Paul Pogba and Juventus head into the Serie A season attempting to rebound from the turbulence of a campaign roiled by injury and scandal.
France midfielder Pogba, who missed almost all of last season after suffering a serious knee injury in pre-season, is gunning for a starting place in Juve’s opening match at Udinese on Sunday.
His injury was the first big blow of a campaign which would bring a lot more, as off-field scandals led to the club’s board stepping down, a points deductions and a ban from European football.
Juve finished seventh after eventually being docked 10 points for transfer irregularities. That would have given them a Conference League spot but European governing body UEFA then banned them from continental competition for a year.
Few Juve fans, used to seeing their team in the Champions League, mourned the loss of a place in Europe’s third tier tournament and it could be a blessing in disguise as the club tries to reset both on and off the pitch.
Juve can focus on Serie A and potentially a title challenge in a league lacking a clear favourite.
Juve have had a low key transfer window, their business not helped by lack of Champions League football and the fact that their most recent annual accounts were 254.3 million euros ($277.4 million) in the red.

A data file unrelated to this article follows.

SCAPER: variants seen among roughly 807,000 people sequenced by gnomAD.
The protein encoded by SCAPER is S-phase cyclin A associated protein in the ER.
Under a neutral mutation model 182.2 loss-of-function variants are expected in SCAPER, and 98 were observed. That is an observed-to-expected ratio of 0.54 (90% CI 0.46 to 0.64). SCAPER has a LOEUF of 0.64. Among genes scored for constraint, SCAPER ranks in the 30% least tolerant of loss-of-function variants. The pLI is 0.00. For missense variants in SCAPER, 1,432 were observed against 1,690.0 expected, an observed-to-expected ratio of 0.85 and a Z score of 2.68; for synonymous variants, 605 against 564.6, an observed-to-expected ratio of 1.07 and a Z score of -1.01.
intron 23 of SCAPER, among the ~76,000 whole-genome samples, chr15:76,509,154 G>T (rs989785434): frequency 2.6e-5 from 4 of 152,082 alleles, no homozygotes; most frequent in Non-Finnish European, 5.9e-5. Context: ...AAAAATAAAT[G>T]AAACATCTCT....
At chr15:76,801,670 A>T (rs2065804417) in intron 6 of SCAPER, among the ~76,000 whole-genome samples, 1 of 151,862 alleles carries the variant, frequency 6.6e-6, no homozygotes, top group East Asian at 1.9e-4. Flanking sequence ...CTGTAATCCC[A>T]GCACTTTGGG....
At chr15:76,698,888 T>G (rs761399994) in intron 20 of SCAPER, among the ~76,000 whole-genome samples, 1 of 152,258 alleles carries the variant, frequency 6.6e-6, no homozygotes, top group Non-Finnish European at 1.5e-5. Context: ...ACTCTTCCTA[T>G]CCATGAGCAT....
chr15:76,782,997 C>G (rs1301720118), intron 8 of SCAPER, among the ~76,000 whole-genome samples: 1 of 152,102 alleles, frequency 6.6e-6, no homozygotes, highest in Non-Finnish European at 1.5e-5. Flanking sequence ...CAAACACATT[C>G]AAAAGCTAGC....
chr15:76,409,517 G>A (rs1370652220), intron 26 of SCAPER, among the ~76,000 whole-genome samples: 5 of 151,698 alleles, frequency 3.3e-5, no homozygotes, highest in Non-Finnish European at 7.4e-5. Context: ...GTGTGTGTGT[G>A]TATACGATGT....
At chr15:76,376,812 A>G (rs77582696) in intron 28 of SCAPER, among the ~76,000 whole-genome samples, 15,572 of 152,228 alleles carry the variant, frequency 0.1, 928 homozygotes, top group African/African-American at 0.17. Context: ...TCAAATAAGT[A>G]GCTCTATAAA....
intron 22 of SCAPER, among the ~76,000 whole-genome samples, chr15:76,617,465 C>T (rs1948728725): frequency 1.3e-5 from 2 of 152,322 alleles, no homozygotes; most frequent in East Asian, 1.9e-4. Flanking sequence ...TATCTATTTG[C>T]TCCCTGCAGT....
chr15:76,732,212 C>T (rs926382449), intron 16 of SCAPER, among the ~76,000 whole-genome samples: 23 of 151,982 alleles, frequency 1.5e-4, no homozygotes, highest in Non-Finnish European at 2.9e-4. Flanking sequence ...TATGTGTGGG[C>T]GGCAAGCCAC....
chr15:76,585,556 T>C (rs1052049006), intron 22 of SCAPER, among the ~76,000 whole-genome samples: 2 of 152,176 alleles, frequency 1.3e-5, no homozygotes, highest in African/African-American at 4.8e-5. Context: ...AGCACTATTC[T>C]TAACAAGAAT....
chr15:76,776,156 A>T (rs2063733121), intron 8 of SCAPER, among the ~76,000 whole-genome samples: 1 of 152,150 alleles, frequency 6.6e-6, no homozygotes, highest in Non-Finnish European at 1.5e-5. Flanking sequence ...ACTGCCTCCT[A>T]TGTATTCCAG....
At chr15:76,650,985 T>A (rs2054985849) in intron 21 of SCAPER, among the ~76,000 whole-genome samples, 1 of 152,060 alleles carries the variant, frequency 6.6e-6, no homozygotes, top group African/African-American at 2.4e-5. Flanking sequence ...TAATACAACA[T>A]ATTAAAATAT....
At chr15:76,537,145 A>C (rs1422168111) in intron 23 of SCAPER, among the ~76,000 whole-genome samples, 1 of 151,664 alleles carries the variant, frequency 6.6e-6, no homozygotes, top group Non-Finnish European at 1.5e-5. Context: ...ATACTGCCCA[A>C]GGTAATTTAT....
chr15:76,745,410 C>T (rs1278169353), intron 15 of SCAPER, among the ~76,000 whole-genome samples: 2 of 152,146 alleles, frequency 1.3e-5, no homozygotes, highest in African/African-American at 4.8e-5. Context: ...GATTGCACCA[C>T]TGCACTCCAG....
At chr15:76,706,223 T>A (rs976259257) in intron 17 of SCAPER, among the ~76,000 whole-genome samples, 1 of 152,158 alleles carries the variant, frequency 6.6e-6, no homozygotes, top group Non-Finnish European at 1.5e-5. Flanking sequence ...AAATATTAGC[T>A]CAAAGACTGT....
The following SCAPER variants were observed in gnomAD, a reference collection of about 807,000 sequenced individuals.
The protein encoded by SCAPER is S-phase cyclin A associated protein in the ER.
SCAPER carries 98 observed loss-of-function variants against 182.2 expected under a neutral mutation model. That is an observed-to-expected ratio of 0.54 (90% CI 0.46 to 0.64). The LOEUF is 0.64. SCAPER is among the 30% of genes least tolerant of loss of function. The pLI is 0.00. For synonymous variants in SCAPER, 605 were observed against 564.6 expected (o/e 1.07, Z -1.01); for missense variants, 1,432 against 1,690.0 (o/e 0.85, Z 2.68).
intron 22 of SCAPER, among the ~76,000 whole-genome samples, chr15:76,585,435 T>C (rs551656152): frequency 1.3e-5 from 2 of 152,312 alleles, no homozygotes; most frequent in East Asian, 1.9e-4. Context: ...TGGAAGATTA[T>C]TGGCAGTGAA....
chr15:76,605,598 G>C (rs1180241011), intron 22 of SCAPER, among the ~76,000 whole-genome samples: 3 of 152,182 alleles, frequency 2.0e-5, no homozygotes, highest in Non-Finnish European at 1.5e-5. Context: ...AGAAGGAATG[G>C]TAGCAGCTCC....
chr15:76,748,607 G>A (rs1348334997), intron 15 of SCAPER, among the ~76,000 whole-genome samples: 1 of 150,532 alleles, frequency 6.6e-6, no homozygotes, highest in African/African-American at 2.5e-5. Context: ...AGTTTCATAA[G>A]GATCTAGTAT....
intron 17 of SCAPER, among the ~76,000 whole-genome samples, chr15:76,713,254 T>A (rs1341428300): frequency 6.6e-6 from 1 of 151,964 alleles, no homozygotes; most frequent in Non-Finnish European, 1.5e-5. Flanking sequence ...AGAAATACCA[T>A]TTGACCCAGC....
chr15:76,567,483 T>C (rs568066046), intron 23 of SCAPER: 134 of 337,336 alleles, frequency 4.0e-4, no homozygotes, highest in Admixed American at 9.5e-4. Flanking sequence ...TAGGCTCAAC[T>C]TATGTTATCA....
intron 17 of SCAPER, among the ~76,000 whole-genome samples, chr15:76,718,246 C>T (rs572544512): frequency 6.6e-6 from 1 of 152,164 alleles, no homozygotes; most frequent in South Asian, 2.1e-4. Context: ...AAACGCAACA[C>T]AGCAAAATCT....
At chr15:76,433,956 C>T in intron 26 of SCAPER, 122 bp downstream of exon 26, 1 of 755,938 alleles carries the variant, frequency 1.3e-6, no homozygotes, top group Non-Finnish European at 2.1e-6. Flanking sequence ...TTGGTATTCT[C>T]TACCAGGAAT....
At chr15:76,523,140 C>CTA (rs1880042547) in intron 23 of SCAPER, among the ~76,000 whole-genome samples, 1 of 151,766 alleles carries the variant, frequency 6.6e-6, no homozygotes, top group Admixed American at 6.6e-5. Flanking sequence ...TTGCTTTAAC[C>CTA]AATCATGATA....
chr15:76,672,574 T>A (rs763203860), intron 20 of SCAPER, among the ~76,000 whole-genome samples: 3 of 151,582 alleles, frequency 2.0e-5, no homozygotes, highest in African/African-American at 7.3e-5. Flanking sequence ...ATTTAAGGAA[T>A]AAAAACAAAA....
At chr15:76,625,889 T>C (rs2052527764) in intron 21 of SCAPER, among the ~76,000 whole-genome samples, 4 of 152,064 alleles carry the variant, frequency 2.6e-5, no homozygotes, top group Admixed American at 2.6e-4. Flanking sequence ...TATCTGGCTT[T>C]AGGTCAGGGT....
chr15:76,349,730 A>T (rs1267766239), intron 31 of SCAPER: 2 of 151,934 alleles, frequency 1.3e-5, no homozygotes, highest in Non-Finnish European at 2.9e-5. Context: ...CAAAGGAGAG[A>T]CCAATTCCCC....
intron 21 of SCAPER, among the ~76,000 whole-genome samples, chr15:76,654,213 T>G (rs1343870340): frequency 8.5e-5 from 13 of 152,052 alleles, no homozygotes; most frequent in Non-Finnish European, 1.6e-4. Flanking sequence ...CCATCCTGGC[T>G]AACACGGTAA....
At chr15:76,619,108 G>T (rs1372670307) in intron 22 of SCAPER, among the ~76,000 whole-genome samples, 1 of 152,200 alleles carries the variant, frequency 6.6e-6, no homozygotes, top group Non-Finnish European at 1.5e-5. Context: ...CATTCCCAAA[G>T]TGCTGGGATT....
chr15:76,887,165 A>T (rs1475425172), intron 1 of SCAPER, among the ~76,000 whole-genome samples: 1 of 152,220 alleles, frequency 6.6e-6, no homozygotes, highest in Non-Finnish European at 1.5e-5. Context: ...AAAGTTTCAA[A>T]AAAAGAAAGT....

Yet last May, before Juve’s punishment was confirmed — after 15 points were docked, and then given back they were second in the table behind runaway leaders Napoli.
Coach Massimiliano Allegri would stress the number of points Juve “earned on the pitch” to highlight how his team’s displays belied their final league placing.
Should Pogba’s body hold up, Juventus will effectively have a new, world-class signing in midfield after a season ruined by his physical problems and a multi-million euro blackmail plot involving one of his brothers, Mathias.
Pogba vowed to return to his best in May after hobbling off the field in his only start of last term. On Wednesday he looked in good shape in a 5-0 friendly win over Alessandria in which he also scored.
With Euro 2024 coming next summer, the 30-year-old needs to get through the coming campaign without any more major issues to show he is still physically capable of playing at the top level for France.
Retegui eyes Euro
Another player looking to make an impact ahead of the Euro in Germany is Mateo Retegui, who has moved to Italy months after opting to play for the Azzurri instead of trying to break into his native Argentina’s national team.
Retegui leads the line for promoted Genoa, who have sold more than 27,000 season tickets (for a stadium with around 33,000 seats) as optimism among supporters on the Italian Riviera hits a high not seen for a long time.
An impressive start as an Italy striker as he netted twice in three Euro qualifiers has club fans hoping Retegui can replicate another Argentine, Diego Milito, who shot Genoa into Europe in 2009 before leaving to win the treble with Inter Milan the following season.
The 24-year-old Retegui made a fast start with a brace in his official Genoa debut, an exciting 4-3 win in the Italian Cup over Serie B outfit Modena last week.
With Roberto Mancini handing in a sudden resignation at the weekend the former Boca Juniors and Tigre striker’s Italy place will be up for grabs whoever eventually comes in to take over the national team.
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